27. Sékou Touré, 'La Monnaie guinéenne...', in L'Afrique, pp. 330-7.
28. See Michael O'Connor, 'Guinea and the Ivory Coast. Contrasts in Economic Development', in The Journal of Modern African Studies, X, 3, October 1972, pp. 409-26.
29. Sékou Touré, Défendre la Révolution (Conakry, 1969), pp. 243-6. 38. Ibid. pp. 46-8, and L'Afrique, p. 15.
30. Guinean informants, Dakar and Abidjan, January 1976. Cf. O'Connor, loc. cit. p. 412.
31. Claude Rivière, 'Les Bénéficiaires du commerce dans la Guinée pré-coloniale et coloniale', in Bulletin de l'I.F.A.N. (Dakar), 33B, 1971, p. 283, my translation.
32. The Government has changed the currency four times since 1960: the latest is referred to as the sily, and is valued at 10 old francs. The U.S. dollar equals 20 sylis at the official rate, and around 150 on the black market. Since 1971, the free flow and trade of major commodities, including grain and sugar, have been forbidden within the country, while other goods are subject to customs fees.
33. Touré, L'Afrique, pp. 111-15. By 1970, however, Touré had clearly opted for socialism: see his PDG-RDA: le chemin du socialisme (Conakry, 1970).
34. Touré, L'Afrique, p. 159.
35. Ibid. pp. I71-4.
36. See F. Engels, Origine de la famille, de la propriété et de l'état (Paris edn. 1954), pp. 155-6. See also the preface by Karl Marx to Critique de l'économie politique. 37. Leon Trotsky, Permanent Revolution and Results and Prospects (New York edn. 1970), p. 99.
38. G. K. Helleiner, 'Beyond Growth Rates and Plan Volumes - Planning for Africa in the 1970s', in The Journal of Modern African Studies, x, 3, October 1972, p. 333. 39. Yves Benot, Idéologie des indépendances africaines (Paris, 1969), p. 170.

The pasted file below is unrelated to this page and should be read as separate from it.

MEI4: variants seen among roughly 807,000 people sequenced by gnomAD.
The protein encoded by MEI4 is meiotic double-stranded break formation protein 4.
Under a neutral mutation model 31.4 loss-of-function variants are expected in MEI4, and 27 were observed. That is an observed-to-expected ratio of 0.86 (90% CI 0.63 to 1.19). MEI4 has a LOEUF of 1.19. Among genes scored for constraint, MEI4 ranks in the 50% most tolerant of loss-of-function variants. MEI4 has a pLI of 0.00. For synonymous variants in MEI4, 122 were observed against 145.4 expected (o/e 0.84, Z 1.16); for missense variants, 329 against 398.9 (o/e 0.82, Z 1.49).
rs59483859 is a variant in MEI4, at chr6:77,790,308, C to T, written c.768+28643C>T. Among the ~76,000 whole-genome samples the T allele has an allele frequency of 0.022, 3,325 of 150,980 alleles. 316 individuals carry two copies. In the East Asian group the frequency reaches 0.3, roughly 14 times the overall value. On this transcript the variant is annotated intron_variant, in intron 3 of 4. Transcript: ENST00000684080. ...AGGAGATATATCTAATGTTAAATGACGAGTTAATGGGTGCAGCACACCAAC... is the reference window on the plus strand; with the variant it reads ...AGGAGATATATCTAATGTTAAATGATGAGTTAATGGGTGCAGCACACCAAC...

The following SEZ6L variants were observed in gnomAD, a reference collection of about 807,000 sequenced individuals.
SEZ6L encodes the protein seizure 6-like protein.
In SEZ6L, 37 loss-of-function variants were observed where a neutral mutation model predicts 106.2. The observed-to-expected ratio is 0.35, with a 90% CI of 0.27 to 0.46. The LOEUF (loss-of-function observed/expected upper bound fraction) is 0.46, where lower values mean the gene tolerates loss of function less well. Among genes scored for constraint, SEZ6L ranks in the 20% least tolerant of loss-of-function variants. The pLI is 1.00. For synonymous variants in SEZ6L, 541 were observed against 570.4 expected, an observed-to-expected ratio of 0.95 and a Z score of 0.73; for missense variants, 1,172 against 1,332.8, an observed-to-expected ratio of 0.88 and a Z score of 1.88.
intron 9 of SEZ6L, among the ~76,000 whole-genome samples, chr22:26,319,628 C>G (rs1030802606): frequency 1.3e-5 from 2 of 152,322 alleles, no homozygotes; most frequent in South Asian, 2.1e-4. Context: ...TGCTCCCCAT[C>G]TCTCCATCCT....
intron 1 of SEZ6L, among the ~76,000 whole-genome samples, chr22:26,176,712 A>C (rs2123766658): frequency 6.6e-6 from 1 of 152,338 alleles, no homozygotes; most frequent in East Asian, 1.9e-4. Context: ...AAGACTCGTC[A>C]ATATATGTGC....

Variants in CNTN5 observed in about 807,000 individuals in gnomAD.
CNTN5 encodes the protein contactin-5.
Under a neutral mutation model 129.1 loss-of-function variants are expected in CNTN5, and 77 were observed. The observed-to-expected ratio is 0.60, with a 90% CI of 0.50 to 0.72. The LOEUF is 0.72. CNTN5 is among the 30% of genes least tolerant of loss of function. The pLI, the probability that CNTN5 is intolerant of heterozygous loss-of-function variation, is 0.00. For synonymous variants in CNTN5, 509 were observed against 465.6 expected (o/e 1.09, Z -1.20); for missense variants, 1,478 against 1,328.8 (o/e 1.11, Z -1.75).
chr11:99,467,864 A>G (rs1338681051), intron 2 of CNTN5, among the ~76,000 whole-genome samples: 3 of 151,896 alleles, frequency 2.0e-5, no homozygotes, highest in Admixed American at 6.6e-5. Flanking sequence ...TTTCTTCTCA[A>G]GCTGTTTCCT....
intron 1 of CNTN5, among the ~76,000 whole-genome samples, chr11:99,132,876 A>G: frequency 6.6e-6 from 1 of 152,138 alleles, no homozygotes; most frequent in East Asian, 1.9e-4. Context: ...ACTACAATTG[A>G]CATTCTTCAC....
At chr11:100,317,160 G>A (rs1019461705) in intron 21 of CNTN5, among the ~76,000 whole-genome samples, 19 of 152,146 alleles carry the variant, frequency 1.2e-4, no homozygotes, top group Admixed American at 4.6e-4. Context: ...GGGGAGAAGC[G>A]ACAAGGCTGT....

40. Touré, L'Afrique, p. 173.
41. Sékou Touré, L'Action politique du PDG, et lutte pour l'émancipation africaine (Paris, 1959), p. 7.
42. Marat, Textes choisis (Paris edn. 1963).
43. Touré, L'Afrique, p. 299, and Horoya, 19 January 1971.
44. Touré, L'Afrique, p. 103. This view also has a certain religious connotation consistent with idealist attitudes.
45. J. J. Rousseau, The Creed of a Priest of Savoy, translated by Arthur H. Beattie (New York, 1956), pp. 36 and 43. Obviously, this is not a critique of Rousseau, but rather a testimony to the magnitude of his influence.
46. See Sékou Touré, 'Complot permanent', in Défendre la Révolution, pp. 24-51. This is consistent with Marat's argument of permanent conspiracy; op. cit. pp. 131-5. The Guinean Government has discovered at least 14 'plots' since independence, including an alleged recent invasion from the Ivory Coast, strenuously denied by President Houphouet-Boigny; The Times (London), June 1976. Subsequently, several Guinean leaders, including Captain Lamine Kouyate, former Military Governor of Kindia [he was the commander of the Keme Bourema garrison in that town], and Telli Diallo, Minister of Justice (the first Secretary-General of the Organisation of African Unity), were arrested for 'plotting against the Guinean Government'. See Jeune Afrique, 18 June and 9 July 1976.
[The alledged invasion threat may have been a diversion. In reality, those two officials and ordinary citizens arrested in 1976 were accused of fomenting the so-called Fulani Plot. Sékou Touré oversaw the killing of the above along with a dozens of others. In rabble-rousing speeches, he tried to wage ethnic warfare against the Fulbe, and —regardless of their grades— he officially barred Fulbe students from receiving the much-coveted foreign scholarships. Telli Diallo, Alioune Dramé, Dr. Alpha Oumar Barry, Lt. Alhassane Diallo were starved to death, “diète noire”. In his last days, Captain Kouyate said that he knew he was doomed because he had carried out Sékou Tourés order and killed Amilcar Cabral.!!!—T.S. Bah].